The potential problem with this approach is that the size of the pool is probably not constant and changes with time after a given perturbation (12). The same applies to the equilibration rate of tracer between compartments (10). Furthermore, disease states may alter the magnitude of differences between compartments, introducing new errors into the calculation of glucose flux. In such situations, calculation of glucose fluxes (see below) may produce aberrant results, e.g., negative values for EGP. Such errors can be minimized by using an experimental design where perturbations in SA are minimized and frequent sampling occurs (so that these perturbations in SA are very small quantities) or by fitting the data to minimize changes in SA (13).
An alternative approach to the assumption of pV is to measure this volume during the experiment. Issekutz et al. (14) proposed a method in which a (separately) infused isotope of glucose is used to trace the Ra of a second isotope of glucose mixed with exogenously infused glucose. Since the infusion rate and therefore the Ra of both isotopes into the systemic circulation is known, pV can be measured. This methodology has been compared with the non–steady-state calculation when using a variation of the hot-GINF technique (15) (outlined below) and yields similar results (16,17).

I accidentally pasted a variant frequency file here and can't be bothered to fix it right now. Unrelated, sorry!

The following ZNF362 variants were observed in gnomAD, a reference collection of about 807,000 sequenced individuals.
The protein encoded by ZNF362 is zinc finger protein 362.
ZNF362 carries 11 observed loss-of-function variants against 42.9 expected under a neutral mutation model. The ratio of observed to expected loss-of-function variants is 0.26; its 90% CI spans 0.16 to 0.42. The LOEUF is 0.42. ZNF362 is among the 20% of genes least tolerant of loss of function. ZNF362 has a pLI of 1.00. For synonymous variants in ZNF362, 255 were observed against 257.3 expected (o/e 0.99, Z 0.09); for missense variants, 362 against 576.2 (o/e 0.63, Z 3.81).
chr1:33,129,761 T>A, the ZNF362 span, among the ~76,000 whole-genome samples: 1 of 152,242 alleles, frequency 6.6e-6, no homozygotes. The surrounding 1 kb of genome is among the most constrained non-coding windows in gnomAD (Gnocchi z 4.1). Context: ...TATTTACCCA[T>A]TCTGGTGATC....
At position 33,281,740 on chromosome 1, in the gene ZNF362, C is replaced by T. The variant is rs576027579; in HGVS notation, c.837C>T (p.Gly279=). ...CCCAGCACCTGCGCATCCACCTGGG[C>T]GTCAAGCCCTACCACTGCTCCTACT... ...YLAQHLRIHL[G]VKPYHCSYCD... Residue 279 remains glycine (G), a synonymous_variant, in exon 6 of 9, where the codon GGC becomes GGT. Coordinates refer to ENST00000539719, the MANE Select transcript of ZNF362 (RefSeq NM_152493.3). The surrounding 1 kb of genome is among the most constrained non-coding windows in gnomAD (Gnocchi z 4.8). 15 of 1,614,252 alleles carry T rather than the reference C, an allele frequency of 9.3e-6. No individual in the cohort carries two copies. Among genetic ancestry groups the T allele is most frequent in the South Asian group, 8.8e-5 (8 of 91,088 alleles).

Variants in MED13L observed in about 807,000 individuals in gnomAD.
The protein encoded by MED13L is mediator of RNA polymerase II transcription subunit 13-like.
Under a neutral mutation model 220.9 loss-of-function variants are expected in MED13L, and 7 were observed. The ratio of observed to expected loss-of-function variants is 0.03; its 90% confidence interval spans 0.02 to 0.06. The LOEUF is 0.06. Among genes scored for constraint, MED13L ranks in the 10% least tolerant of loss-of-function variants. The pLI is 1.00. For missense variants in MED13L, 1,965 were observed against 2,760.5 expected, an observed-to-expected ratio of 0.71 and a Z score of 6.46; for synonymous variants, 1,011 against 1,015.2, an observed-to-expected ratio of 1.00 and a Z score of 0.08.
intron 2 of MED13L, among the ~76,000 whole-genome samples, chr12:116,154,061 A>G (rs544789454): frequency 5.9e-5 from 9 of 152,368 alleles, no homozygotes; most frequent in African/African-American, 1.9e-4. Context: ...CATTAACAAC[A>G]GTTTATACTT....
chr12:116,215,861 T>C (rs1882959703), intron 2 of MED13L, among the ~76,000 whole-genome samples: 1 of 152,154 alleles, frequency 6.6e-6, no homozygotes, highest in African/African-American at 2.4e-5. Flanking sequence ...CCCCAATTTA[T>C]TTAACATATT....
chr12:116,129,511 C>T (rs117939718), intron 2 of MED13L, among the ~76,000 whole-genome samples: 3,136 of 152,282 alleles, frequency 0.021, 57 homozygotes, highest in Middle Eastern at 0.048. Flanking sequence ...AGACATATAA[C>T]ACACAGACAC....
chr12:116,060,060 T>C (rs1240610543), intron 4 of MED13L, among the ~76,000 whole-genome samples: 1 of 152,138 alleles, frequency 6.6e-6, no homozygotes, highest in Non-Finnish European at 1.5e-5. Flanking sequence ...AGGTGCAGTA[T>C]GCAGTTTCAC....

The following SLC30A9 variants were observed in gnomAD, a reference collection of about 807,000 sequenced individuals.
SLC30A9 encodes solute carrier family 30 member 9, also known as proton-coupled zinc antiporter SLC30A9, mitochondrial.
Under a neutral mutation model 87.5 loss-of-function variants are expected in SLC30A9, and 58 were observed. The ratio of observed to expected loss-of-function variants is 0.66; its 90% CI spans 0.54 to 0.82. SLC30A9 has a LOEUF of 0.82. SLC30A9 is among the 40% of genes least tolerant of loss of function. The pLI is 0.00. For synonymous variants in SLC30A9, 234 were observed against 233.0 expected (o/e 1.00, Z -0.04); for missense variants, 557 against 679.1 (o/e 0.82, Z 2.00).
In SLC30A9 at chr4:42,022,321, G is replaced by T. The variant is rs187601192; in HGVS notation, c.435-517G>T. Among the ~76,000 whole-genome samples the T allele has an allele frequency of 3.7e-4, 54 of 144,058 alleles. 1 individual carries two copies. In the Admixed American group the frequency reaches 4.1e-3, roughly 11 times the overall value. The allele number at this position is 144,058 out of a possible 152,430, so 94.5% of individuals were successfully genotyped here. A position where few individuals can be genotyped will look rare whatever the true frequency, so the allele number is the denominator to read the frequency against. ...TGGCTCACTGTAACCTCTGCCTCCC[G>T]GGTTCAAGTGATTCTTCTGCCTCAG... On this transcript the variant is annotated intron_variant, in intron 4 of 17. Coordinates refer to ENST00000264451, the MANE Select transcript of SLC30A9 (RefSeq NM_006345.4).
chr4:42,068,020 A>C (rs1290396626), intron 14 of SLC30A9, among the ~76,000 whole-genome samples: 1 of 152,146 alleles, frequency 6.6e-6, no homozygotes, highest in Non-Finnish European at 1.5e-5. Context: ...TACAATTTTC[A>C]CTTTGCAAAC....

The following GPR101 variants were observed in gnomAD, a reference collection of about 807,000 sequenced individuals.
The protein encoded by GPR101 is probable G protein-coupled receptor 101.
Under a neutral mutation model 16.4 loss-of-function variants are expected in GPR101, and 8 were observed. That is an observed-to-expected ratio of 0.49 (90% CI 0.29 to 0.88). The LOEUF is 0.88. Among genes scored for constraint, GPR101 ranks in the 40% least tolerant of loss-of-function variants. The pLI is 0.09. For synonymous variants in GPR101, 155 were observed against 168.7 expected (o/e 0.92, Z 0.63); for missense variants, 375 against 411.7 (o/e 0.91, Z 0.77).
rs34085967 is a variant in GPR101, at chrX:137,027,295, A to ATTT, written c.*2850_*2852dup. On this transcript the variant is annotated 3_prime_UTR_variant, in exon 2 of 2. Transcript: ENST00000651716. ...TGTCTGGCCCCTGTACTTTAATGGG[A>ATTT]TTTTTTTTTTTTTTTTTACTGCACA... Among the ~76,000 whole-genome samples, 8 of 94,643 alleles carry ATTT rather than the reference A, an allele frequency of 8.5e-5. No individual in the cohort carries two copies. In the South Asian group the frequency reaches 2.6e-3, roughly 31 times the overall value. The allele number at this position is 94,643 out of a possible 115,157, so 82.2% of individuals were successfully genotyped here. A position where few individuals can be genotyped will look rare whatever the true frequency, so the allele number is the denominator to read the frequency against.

A euglycemic-hyperinsulinemic clamp is a straightforward experimental design that approximates the bathtub example used above to describe glucose metabolism. The design is amply suited to measurement of glucose turnover using a single tracer because by design a steady state is reached after a prolonged period of time where the Ra is equal to the Rd and the SA is relatively constant. For example, using 3H3-glucose as the tracer:
where F = rate of tracer infusion (dpm/min).
Provided the tracer is infused for an adequate amount of time, baseline EGP can be calculated in the same fashion. However, if glucose turnover is to be measured at multiple time points with multiple perturbations, e.g., to establish a dose-response curve for insulin, it is best to design an experiment that avoids large changes in the SA, thereby minimizing the need to make assumptions regarding the structure or degree of mixing of accessible and remote glucose pools (13,18).